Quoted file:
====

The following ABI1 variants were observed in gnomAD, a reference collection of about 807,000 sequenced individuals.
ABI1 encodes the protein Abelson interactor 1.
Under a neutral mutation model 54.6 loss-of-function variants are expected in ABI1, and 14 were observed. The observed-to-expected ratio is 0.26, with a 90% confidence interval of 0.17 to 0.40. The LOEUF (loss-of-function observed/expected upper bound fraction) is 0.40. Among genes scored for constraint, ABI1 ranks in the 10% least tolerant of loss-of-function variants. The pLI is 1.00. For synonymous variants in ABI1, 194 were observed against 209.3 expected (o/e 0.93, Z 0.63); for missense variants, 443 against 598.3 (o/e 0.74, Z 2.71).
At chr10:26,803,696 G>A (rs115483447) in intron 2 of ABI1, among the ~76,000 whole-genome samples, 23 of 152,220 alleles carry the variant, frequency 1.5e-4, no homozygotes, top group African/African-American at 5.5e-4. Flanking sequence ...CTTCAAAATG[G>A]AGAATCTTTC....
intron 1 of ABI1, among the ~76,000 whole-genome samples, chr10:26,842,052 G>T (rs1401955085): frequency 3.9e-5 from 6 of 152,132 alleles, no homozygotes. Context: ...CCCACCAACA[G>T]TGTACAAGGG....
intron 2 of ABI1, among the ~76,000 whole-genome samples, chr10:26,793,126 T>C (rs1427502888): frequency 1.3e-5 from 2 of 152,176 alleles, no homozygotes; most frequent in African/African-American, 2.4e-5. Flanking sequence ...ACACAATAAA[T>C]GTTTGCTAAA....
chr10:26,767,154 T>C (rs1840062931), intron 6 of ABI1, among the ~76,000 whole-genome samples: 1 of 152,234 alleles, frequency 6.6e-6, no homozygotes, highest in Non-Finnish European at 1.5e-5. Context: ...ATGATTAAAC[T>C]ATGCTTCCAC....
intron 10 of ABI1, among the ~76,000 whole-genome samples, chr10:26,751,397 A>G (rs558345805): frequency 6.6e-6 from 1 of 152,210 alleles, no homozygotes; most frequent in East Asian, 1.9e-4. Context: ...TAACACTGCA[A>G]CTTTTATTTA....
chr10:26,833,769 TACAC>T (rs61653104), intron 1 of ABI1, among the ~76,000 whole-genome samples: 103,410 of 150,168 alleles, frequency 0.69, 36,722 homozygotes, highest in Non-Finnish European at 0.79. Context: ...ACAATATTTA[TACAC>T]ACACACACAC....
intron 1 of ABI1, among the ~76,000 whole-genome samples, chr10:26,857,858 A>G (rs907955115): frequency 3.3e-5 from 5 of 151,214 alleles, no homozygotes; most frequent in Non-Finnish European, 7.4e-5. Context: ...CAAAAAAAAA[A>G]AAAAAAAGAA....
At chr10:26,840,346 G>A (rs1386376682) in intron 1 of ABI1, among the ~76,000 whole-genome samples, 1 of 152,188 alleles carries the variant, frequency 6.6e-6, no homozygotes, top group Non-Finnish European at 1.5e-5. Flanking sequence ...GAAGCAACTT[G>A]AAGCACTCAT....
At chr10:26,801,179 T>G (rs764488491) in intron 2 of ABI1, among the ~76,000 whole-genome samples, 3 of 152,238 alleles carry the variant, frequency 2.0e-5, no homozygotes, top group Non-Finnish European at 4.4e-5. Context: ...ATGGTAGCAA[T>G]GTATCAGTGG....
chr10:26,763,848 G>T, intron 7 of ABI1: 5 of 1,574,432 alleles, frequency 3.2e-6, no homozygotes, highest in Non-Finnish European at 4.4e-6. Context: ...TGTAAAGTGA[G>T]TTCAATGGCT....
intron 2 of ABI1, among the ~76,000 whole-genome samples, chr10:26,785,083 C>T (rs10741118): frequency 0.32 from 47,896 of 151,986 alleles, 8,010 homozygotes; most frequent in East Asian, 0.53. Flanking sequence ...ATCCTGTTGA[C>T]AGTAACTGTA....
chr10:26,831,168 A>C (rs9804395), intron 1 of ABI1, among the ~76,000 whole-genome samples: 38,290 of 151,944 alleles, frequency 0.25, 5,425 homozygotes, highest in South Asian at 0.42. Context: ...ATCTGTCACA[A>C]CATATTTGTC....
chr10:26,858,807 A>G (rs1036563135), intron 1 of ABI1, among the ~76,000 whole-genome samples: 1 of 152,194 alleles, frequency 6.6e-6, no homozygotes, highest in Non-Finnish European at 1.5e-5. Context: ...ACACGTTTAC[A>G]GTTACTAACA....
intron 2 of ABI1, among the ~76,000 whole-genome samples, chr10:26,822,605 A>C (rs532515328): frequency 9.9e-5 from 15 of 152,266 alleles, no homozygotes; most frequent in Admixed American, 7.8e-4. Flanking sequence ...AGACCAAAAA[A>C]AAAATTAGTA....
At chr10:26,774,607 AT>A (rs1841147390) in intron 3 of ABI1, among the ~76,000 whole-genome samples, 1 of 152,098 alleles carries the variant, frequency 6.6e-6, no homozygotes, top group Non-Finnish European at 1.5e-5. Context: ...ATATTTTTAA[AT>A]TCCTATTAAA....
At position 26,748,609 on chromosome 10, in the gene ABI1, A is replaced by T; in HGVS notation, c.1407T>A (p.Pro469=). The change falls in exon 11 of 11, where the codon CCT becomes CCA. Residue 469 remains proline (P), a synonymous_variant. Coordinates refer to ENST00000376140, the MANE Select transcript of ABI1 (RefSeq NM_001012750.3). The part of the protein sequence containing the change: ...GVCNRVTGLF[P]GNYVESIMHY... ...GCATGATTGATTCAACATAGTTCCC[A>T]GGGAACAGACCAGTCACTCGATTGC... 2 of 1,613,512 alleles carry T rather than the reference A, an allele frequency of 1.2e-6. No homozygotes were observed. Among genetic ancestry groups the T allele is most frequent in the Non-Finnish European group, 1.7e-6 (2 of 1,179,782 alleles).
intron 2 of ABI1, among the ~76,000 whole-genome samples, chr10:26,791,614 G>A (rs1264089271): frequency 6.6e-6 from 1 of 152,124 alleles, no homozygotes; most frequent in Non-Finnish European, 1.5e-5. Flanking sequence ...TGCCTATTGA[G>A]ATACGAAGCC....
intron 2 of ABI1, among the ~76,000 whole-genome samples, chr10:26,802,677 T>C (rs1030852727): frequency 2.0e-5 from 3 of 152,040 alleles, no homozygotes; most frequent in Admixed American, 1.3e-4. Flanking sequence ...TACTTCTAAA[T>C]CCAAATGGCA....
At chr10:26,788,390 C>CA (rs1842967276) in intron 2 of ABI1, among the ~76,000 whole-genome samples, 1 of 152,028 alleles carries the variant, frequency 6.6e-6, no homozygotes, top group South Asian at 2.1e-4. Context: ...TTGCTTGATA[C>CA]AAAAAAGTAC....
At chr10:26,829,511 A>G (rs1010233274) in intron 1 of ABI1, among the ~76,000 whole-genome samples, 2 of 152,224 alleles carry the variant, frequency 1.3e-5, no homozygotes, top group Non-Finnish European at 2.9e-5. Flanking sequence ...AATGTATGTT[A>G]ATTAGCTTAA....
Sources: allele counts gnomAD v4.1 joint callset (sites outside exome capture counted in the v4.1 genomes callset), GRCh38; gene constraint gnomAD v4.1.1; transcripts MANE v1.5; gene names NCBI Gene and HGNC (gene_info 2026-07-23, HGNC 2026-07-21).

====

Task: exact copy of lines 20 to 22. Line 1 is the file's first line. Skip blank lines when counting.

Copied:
intron 2 of ABI1, among the ~76,000 whole-genome samples, chr10:26,791,614 G>A (rs1264089271): frequency 6.6e-6 from 1 of 152,124 alleles, no homozygotes; most frequent in Non-Finnish European, 1.5e-5. Flanking sequence ...TGCCTATTGA[G>A]ATACGAAGCC....
intron 2 of ABI1, among the ~76,000 whole-genome samples, chr10:26,802,677 T>C (rs1030852727): frequency 2.0e-5 from 3 of 152,040 alleles, no homozygotes; most frequent in Admixed American, 1.3e-4. Flanking sequence ...TACTTCTAAA[T>C]CCAAATGGCA....
At chr10:26,788,390 C>CA (rs1842967276) in intron 2 of ABI1, among the ~76,000 whole-genome samples, 1 of 152,028 alleles carries the variant, frequency 6.6e-6, no homozygotes, top group South Asian at 2.1e-4. Context: ...TTGCTTGATA[C>CA]AAAAAAGTAC....